Cycling isn’t the only sport that might cause UTIs. Swimming, running, strength training, and gymnastics are some activities that raise your risk of UTIs. To avoid UTIs when cycling, drink plenty of fluids and take recommended antibiotics if you get symptoms such as a burning sensation when peeing or a severe headache.

Are cyclists more prone to UTIs?

Cyclists may be more prone to UTIs because there’s a lot of intensity near the bladder when cycling. However, studies have shown little to no differences in urinary symptoms between cyclists and noncyclists, although cyclists were more likely to have previously experienced a UTI.

Can biking cause painful urination?

Biking itself won’t cause painful urination, but a UTI can. In addition, excessive pressure can cause urethral injury and infection.

Can cycling cause bloody urine?

After severe exercise, there may be visible blood in the urine. While crimson urine after severe activity may not disclose any abnormalities in many men and women, it may suggest significant urological and medical concerns in many others. Although blood in the urine may resolve after a single episode, this does not rule out the possibility of severe underlying disease. Therefore, if you have blood in your urine, contact your doctor right away.

Conclusion

Cycling, as you know, is a terrific method to get your blood flowing and lose weight, but you should be aware of the risks that come with it. UTI is one such danger. If you have any concerns regarding UTIs, consult your doctor.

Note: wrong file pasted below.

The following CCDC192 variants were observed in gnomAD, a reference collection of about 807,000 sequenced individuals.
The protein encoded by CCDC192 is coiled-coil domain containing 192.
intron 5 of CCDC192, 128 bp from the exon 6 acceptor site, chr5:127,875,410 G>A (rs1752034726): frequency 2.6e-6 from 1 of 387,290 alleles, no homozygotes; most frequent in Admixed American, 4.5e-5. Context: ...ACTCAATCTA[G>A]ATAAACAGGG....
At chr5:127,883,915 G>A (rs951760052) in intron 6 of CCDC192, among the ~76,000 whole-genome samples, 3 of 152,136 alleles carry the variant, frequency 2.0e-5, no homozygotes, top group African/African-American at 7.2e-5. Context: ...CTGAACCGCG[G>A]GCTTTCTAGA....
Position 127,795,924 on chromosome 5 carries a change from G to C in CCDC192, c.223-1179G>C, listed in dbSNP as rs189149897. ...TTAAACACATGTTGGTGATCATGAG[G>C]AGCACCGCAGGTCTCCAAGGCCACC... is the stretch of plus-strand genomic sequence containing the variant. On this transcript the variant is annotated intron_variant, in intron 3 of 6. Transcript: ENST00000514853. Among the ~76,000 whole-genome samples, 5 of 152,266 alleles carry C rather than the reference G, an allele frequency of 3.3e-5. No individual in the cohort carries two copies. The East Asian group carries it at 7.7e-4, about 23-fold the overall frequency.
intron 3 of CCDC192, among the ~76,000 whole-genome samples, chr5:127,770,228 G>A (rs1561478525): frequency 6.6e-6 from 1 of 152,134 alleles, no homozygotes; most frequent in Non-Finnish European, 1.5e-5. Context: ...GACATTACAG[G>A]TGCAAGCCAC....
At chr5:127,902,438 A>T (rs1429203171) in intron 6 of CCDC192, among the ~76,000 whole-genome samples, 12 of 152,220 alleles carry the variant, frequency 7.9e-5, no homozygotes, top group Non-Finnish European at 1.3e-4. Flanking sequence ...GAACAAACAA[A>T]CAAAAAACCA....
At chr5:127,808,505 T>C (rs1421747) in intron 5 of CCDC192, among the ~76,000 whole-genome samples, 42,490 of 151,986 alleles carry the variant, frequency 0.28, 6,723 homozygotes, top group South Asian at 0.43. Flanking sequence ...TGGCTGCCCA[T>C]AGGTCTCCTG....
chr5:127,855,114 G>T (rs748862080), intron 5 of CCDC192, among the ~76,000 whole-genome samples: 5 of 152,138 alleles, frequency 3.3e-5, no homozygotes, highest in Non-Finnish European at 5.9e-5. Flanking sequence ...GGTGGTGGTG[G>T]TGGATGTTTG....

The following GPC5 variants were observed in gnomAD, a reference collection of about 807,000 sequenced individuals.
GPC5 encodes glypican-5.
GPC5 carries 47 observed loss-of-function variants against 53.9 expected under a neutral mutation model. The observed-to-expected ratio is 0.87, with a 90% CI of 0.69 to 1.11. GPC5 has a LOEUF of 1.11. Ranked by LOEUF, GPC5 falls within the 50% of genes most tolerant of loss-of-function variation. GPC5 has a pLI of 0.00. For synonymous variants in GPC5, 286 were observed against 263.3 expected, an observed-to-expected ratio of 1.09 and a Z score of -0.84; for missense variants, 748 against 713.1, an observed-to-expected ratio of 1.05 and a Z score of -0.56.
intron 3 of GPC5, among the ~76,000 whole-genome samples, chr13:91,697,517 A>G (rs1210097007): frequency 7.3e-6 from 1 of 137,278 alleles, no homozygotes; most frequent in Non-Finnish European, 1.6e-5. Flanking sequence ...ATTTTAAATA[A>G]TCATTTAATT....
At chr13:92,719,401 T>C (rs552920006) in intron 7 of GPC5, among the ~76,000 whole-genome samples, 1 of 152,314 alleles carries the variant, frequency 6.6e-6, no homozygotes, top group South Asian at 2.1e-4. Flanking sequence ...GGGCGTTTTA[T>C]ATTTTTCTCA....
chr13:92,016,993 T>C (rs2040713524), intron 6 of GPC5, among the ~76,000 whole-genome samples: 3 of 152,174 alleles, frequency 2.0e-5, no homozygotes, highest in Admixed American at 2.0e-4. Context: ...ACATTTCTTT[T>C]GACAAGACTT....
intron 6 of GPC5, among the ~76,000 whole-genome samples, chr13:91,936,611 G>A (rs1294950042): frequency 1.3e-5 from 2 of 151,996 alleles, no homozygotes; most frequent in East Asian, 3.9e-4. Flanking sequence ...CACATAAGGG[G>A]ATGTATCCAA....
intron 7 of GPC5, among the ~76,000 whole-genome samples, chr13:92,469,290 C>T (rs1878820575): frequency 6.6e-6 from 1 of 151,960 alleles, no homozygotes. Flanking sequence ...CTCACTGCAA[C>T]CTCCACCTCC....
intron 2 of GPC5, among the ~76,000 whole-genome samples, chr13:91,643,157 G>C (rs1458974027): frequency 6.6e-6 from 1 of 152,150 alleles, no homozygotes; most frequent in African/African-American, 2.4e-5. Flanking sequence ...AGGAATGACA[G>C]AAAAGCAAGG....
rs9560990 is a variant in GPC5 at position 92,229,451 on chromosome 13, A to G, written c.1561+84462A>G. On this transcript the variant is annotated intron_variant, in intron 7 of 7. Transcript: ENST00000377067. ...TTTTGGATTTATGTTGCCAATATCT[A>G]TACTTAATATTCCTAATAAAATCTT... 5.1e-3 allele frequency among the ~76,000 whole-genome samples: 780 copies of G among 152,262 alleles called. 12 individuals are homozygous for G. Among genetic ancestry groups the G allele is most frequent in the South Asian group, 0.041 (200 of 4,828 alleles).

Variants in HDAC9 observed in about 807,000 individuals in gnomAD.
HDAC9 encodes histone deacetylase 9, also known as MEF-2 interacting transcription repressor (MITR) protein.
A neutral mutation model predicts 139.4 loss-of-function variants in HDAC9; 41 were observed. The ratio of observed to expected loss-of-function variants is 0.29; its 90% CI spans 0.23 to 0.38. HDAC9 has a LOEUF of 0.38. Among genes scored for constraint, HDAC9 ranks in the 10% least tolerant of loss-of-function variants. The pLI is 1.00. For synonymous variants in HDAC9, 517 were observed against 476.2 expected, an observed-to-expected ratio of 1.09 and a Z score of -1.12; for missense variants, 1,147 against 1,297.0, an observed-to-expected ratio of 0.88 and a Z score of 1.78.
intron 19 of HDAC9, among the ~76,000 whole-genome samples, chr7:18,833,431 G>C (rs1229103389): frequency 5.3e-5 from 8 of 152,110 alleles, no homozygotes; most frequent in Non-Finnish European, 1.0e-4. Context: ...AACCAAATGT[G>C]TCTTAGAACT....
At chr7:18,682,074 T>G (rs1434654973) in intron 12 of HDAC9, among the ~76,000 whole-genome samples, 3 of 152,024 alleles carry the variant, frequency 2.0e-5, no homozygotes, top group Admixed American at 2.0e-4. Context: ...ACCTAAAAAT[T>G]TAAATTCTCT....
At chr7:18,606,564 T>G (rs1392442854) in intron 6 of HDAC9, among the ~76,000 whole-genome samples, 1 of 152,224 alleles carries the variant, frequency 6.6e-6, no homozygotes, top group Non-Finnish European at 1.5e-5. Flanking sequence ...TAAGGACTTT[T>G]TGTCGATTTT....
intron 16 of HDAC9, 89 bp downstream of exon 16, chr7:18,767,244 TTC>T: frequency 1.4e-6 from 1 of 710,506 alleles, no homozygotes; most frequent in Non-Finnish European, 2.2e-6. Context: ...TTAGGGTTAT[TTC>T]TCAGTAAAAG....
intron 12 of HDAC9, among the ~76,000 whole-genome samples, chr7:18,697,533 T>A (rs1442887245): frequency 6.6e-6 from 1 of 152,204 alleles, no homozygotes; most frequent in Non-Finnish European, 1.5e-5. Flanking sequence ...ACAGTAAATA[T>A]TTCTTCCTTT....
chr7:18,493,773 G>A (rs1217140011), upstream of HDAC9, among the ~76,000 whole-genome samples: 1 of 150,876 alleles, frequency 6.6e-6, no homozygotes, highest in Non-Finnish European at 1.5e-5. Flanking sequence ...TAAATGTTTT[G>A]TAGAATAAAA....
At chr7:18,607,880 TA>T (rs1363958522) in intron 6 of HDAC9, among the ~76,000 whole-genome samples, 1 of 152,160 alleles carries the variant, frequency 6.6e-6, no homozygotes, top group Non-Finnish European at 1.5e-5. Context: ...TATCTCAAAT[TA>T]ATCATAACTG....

This article covered what a UTI is, what the symptoms are, and how to prevent UTIs. Here are some key takeaways:

Key takeaways

  • A UTI is an infection that affects the bladder, the urethra, and the tissues around them.
  • If you don’t treat a UTI, it can lead to serious problems like kidney failure or even death in the worst cases.
  • Keeping your bike shorts (and yourself) clean is the best way to avoid a UTI.
  • Drink plenty of water.

So, have you ever had a UTI? Did we cover everything you wanted to know? Let us know in the comments section below (we read and reply to every comment). If you found this article helpful, check out our full blog for more tips and tricks on fixed-gear and single-speed cycling. Thanks for reading, and stay fixed.

Helpful resources

Image of doctor looking at charts on yellow backdrop. Pinterest 2
Image of doctor looking at charts on yellow backdrop.
Author avatar - Bradley Knight
Written By Bradley Knight
As a native New Yorker, Bradley is no stranger to the fixed gear scene. He’s been riding fixed for over ten years. When he’s not on the bike, you can find him practicing his many hobbies including playing guitar, video production, and photography.